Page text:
Is God really “angry, sexist, and racist”? Biblical Seminary professor David Lamb says “yes and no“, and then proceeds to trip over his own two feet in trying to justify the “yes” part.
I think the biggest thing that God gets angry about is injustice: when poor people are being oppressed, when widows are not being cared for, when orphans are not being provided for. And those are really good things to get angry about. And let’s face it: When people are angry, it gets our attention.
Right. God gets angry about injustice. That’s why he killed the firstborn children of Egypt. You know how unjust kids can be.
Onto the charges of sexism:
The very first thing we learn in the Bible is that women are divine – they are God-like. Now, men are too, but I think most men think this already. The man and the woman, when God creates them in Genesis 1, they are made in his image. And there’s nothing more positive you could say.
Did you get that, ladies? There’s nothing more positive that can be said to you than, “you were made in the image of God”. Now, excuse me while I kick my menstruating wife out of the house for a week.
We need to go to Genesis 12, where we encounter God first talking to Abraham. He is calling the father of the nations. He wants to bless them, but he wants to bless them to be a blessing to all nations. God gets angry when foreigners are not being cared for. God wants his people to be concerned about people that are different from them.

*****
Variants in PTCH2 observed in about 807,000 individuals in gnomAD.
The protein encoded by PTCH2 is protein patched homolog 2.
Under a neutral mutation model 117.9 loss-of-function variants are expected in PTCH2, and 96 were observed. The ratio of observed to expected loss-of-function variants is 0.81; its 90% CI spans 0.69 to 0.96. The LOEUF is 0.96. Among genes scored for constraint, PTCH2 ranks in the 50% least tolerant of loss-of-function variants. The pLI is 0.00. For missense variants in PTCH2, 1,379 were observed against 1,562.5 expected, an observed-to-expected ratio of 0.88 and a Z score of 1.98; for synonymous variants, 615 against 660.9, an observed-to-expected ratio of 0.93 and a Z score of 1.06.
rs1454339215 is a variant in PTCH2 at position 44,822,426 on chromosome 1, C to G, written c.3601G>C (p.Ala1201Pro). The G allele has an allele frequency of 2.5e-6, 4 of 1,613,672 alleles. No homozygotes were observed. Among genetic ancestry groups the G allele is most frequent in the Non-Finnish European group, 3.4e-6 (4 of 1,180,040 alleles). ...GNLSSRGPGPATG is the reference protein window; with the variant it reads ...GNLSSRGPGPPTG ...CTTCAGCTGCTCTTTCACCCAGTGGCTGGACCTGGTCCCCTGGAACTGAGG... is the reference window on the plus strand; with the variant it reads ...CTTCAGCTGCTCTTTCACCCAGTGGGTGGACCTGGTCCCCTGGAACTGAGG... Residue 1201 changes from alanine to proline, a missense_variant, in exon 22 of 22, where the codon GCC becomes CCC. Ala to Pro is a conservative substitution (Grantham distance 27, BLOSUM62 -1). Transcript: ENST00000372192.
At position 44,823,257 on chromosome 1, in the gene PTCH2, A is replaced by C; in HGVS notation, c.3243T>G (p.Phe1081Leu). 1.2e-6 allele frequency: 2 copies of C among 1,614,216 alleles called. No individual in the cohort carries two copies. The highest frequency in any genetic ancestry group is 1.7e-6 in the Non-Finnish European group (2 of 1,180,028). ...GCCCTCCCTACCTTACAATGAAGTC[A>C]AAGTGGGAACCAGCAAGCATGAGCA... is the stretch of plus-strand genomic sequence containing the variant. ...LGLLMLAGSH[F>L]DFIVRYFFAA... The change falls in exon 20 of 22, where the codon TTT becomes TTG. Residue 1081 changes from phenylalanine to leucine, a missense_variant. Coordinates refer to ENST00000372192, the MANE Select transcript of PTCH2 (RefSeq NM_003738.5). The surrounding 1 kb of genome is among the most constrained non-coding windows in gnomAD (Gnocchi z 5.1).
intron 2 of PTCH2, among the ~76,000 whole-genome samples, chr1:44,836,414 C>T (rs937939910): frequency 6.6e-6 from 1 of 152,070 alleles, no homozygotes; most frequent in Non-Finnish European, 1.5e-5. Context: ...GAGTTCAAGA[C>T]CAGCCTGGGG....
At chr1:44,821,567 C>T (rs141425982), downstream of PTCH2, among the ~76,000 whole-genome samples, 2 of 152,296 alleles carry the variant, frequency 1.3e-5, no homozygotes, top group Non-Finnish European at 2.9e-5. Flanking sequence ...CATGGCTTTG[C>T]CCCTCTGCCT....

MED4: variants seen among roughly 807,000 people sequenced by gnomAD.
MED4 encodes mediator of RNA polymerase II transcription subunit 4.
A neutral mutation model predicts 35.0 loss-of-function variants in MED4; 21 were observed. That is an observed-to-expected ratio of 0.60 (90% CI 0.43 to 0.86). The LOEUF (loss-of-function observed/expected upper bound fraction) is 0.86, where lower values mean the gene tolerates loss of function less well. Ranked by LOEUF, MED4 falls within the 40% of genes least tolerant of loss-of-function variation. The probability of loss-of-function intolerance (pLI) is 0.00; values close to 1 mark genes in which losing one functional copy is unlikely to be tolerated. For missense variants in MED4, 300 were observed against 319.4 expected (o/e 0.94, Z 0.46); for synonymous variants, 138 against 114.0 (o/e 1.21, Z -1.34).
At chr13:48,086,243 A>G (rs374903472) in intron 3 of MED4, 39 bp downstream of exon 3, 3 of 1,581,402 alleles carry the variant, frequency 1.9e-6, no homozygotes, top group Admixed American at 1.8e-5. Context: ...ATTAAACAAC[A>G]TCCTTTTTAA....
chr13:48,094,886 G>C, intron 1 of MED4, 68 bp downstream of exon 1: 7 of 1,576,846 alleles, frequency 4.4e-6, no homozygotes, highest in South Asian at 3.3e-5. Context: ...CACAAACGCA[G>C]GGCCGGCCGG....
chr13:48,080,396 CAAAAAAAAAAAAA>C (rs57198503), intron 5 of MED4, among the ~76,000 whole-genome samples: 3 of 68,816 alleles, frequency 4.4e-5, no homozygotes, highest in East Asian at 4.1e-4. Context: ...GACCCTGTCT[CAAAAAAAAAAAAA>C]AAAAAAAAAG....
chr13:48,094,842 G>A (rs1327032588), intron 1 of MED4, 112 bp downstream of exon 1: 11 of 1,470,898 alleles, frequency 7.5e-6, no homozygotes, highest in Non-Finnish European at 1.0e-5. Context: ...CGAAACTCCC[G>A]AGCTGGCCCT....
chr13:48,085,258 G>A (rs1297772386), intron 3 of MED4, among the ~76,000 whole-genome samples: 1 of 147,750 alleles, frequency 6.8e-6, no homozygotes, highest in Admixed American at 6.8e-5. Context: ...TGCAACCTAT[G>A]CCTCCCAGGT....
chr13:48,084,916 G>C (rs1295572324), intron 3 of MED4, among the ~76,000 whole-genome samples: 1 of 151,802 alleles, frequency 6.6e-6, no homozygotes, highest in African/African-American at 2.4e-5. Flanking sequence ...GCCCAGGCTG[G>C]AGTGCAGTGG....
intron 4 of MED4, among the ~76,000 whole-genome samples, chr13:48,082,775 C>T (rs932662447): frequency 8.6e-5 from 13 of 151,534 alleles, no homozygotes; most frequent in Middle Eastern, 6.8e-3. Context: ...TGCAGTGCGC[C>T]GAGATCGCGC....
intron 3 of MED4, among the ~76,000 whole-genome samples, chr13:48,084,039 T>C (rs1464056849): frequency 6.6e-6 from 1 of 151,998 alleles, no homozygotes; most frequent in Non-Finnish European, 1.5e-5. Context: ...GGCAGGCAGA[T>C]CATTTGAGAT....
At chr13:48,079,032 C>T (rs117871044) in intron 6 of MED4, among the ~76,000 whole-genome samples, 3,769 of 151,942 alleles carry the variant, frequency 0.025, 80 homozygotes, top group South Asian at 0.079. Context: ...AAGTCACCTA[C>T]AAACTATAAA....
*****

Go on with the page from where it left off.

God gets angry when foreigners are not being cared for? Terrific news! Let me go tell the Canaanites… oh, wait.
This, however, takes the cake:
I sent an email to Richard Dawkins and got no response, which is perhaps not surprising. I’ve had some great interactions with atheists, and they love to talk about this. Some of them feel very strongly about it, which I think has been fantastic.
A lot of Christians, we do the same thing that Dawkins is doing – Dawkins just focuses on the negative texts, and Christians just focus on the positive texts. And I think Dawkins needs to acknowledge the positive texts in the same way that Christians need to not ignore these negative texts.
Yes, it is intellectually dishonest for Christians to focus only on “positive” Biblical texts, but is this any less honest than trying to negate the litany of bad texts with a few good? Sure, Genesis 12 calls Abraham the “father of nations”, but a few chapters before God cursed Ham and all of his descendants to servitude and submission. A good action does not negate a bad. It doesn’t matter that God wants everyone to come to his party, cursing people for the sins of their fathers is a dick move. End of story.
Still, kudos to Prof. Lamb for not being a dick himself. A note to Christians looking for “civil” debate, this is more or less how you do it.